Early Leaders in Ophthalmology
On February 3, 1874, Dr. William Fisher Norris became the first Professor of Diseases of the Eye at the University of Pennsylvania (Penn), the fourth such appointment made in the United States. Dr. Norris was committed to teaching and research, and was instrumental in the founding of the Hospital of the University of Pennsylvania (HUP), one of the first University-owned hospitals dedicated to medical student education. HUP began admitting patients in June 1874. The facility included an eye clinic in the basement, the original location of Penn's Department of Ophthalmology.
Following Dr. Norris’s unexpected death in 1901, the University of Pennsylvania Trustees elected Dr. George E. de Schweinitz the second Chairman of Ophthalmology. Under Dr. de Schweinitz’s leadership, the eye dispensary and ophthalmic pathology laboratory were renovated and enlarged, and an operating room for eye surgery was created. Dr. de Schweinitz sought to establish standards for ophthalmic care nationally, helping to found the American Board of Ophthalmic Examination (renamed the American Board of Ophthalmology), the nation's first certifying board. He was also the first and only ophthalmologist to be President of the American Medical Association. Dr. de Schweinitz maintained a large practice, counting President Woodrow Wilson among his prominent patients.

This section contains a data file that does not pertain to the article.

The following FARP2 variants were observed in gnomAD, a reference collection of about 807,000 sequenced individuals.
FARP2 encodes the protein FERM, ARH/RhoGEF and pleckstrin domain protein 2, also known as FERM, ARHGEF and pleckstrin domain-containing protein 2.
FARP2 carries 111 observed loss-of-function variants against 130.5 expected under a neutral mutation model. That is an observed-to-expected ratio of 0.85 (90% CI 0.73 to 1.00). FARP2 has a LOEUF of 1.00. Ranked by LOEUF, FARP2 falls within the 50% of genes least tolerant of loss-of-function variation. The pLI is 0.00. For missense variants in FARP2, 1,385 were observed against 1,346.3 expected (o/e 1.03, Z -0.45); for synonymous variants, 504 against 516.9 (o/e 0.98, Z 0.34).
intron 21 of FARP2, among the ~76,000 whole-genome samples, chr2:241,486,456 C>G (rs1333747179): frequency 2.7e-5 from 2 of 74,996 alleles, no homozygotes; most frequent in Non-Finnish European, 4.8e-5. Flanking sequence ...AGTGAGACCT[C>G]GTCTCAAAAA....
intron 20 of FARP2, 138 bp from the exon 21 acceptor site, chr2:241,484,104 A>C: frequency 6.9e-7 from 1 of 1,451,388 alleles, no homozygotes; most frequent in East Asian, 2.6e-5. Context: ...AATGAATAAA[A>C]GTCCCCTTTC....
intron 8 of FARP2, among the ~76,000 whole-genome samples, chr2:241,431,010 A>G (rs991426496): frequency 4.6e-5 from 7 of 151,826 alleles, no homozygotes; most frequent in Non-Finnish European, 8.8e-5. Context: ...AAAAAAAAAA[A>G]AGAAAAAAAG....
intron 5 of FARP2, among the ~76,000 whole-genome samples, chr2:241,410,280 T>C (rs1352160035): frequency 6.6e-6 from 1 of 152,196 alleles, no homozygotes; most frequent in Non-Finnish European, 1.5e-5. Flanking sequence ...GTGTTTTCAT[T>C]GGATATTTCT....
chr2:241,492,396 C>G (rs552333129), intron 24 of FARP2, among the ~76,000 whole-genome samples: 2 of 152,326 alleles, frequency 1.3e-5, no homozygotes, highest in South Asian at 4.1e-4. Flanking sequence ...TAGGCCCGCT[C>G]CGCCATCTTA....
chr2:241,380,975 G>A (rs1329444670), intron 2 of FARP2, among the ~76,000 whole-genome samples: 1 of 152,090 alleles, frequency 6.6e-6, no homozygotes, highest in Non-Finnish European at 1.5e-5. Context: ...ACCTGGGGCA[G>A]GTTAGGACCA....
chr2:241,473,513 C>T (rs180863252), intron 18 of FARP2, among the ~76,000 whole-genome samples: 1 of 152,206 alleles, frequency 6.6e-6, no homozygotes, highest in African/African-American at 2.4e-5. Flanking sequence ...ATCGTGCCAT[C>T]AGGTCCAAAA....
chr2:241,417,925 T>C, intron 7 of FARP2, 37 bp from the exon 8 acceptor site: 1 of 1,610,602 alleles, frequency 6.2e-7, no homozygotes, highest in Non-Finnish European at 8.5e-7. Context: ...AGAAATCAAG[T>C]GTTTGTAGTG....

In 1924, Dr. Thomas B. Holloway succeeded Dr. de Schweinitz as Chairman. Dr. Holloway was deeply invested in teaching, having previously led development of an ophthalmology training program in the newly established Graduate School of Medicine in 1916. Dr. Holloway introduced a number of clinical upgrades to the department, such as a slit lamp microscope in the eye dispensary and a laboratory of perimetry for visual field testing.
Establishing the Residency Program
When Dr. Francis Heed Adler became the Chairman of Ophthalmology in 1936, ophthalmology residencies were emerging across the United States. Ophthalmologists were beginning to train domestically rather than traveling to European institutions. Dr. Adler recognized the importance of promoting innovative clinical research and growing the next generation of medical leaders at Penn. He advocated for an expanded ophthalmology clinic that would provide the necessary facilities for resident training. In 1937, the Ophthalmology Department introduced the first residency program at Penn, welcoming Drs. Jerry Smith and Harold G. Scheie as the first residents.
Dr. Scheie and a New Eye Institute
Dr. Harold G. Scheie succeeded Dr. Adler as Chairman in 1960. Clinical research and the residency program flourished under Dr. Scheie, who created an elective five-year training program that provided residents two years of research and advanced study in related basic sciences. In the 1960's, members of the Department contributed to the ophthalmic literature on topics including cataracts, glaucoma surgery, treatment of hyphema, and the description of Hurler's disease, and Dr. Scheie pioneered glaucoma research and treatment methods.
By the late 1960's, the Department of Ophthalmology had outgrown its clinical and laboratory facilities. The development and expansion of ophthalmic subspecialties required more equipment and space. Dr. Scheie led fundraising efforts for a new eye hospital and opened the Scheie Eye Institute in 1972.
Expanding Services and Centers